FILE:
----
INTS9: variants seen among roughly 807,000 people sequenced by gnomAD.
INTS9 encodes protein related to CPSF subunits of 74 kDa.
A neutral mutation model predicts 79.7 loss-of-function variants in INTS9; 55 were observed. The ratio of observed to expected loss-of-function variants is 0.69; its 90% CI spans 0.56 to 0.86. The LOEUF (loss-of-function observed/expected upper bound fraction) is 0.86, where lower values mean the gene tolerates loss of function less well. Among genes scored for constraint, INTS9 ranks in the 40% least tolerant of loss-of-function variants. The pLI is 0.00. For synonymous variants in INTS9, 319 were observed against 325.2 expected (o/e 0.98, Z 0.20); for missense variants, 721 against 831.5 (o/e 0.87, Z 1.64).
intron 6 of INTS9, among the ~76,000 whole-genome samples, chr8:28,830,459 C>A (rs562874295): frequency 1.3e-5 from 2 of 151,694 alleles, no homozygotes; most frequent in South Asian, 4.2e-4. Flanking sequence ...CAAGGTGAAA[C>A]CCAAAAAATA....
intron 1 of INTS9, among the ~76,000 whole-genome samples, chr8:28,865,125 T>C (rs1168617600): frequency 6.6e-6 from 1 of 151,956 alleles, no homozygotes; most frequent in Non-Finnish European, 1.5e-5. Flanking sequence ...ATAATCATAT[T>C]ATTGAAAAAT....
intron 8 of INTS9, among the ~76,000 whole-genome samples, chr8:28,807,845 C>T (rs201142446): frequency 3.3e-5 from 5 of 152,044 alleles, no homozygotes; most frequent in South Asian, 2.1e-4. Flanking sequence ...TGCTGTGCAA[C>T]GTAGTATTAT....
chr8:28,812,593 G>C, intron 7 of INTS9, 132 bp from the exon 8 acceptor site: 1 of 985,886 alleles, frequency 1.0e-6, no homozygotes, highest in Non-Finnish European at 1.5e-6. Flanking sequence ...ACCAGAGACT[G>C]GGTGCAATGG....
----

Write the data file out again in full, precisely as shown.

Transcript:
INTS9: variants seen among roughly 807,000 people sequenced by gnomAD.
INTS9 encodes protein related to CPSF subunits of 74 kDa.
A neutral mutation model predicts 79.7 loss-of-function variants in INTS9; 55 were observed. The ratio of observed to expected loss-of-function variants is 0.69; its 90% CI spans 0.56 to 0.86. The LOEUF (loss-of-function observed/expected upper bound fraction) is 0.86, where lower values mean the gene tolerates loss of function less well. Among genes scored for constraint, INTS9 ranks in the 40% least tolerant of loss-of-function variants. The pLI is 0.00. For synonymous variants in INTS9, 319 were observed against 325.2 expected (o/e 0.98, Z 0.20); for missense variants, 721 against 831.5 (o/e 0.87, Z 1.64).
intron 6 of INTS9, among the ~76,000 whole-genome samples, chr8:28,830,459 C>A (rs562874295): frequency 1.3e-5 from 2 of 151,694 alleles, no homozygotes; most frequent in South Asian, 4.2e-4. Flanking sequence ...CAAGGTGAAA[C>A]CCAAAAAATA....
intron 1 of INTS9, among the ~76,000 whole-genome samples, chr8:28,865,125 T>C (rs1168617600): frequency 6.6e-6 from 1 of 151,956 alleles, no homozygotes; most frequent in Non-Finnish European, 1.5e-5. Flanking sequence ...ATAATCATAT[T>C]ATTGAAAAAT....
intron 8 of INTS9, among the ~76,000 whole-genome samples, chr8:28,807,845 C>T (rs201142446): frequency 3.3e-5 from 5 of 152,044 alleles, no homozygotes; most frequent in South Asian, 2.1e-4. Flanking sequence ...TGCTGTGCAA[C>T]GTAGTATTAT....
chr8:28,812,593 G>C, intron 7 of INTS9, 132 bp from the exon 8 acceptor site: 1 of 985,886 alleles, frequency 1.0e-6, no homozygotes, highest in Non-Finnish European at 1.5e-6. Flanking sequence ...ACCAGAGACT[G>C]GGTGCAATGG....